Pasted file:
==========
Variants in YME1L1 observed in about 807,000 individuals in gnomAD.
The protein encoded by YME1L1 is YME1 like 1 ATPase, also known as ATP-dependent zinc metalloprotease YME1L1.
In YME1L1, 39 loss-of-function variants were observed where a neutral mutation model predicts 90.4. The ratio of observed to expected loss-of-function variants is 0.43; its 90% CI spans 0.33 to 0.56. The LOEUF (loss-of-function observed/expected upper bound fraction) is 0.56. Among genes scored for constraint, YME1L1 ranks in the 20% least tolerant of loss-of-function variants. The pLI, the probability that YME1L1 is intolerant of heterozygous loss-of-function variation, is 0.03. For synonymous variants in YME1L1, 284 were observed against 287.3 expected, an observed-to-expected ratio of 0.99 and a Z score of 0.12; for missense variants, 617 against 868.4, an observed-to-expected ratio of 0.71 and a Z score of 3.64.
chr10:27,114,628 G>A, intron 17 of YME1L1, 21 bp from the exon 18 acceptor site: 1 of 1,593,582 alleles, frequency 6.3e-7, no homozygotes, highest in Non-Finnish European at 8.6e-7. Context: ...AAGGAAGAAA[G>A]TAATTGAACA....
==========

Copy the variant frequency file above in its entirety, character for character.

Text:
Variants in YME1L1 observed in about 807,000 individuals in gnomAD.
The protein encoded by YME1L1 is YME1 like 1 ATPase, also known as ATP-dependent zinc metalloprotease YME1L1.
In YME1L1, 39 loss-of-function variants were observed where a neutral mutation model predicts 90.4. The ratio of observed to expected loss-of-function variants is 0.43; its 90% CI spans 0.33 to 0.56. The LOEUF (loss-of-function observed/expected upper bound fraction) is 0.56. Among genes scored for constraint, YME1L1 ranks in the 20% least tolerant of loss-of-function variants. The pLI, the probability that YME1L1 is intolerant of heterozygous loss-of-function variation, is 0.03. For synonymous variants in YME1L1, 284 were observed against 287.3 expected, an observed-to-expected ratio of 0.99 and a Z score of 0.12; for missense variants, 617 against 868.4, an observed-to-expected ratio of 0.71 and a Z score of 3.64.
chr10:27,114,628 G>A, intron 17 of YME1L1, 21 bp from the exon 18 acceptor site: 1 of 1,593,582 alleles, frequency 6.3e-7, no homozygotes, highest in Non-Finnish European at 8.6e-7. Context: ...AAGGAAGAAA[G>A]TAATTGAACA....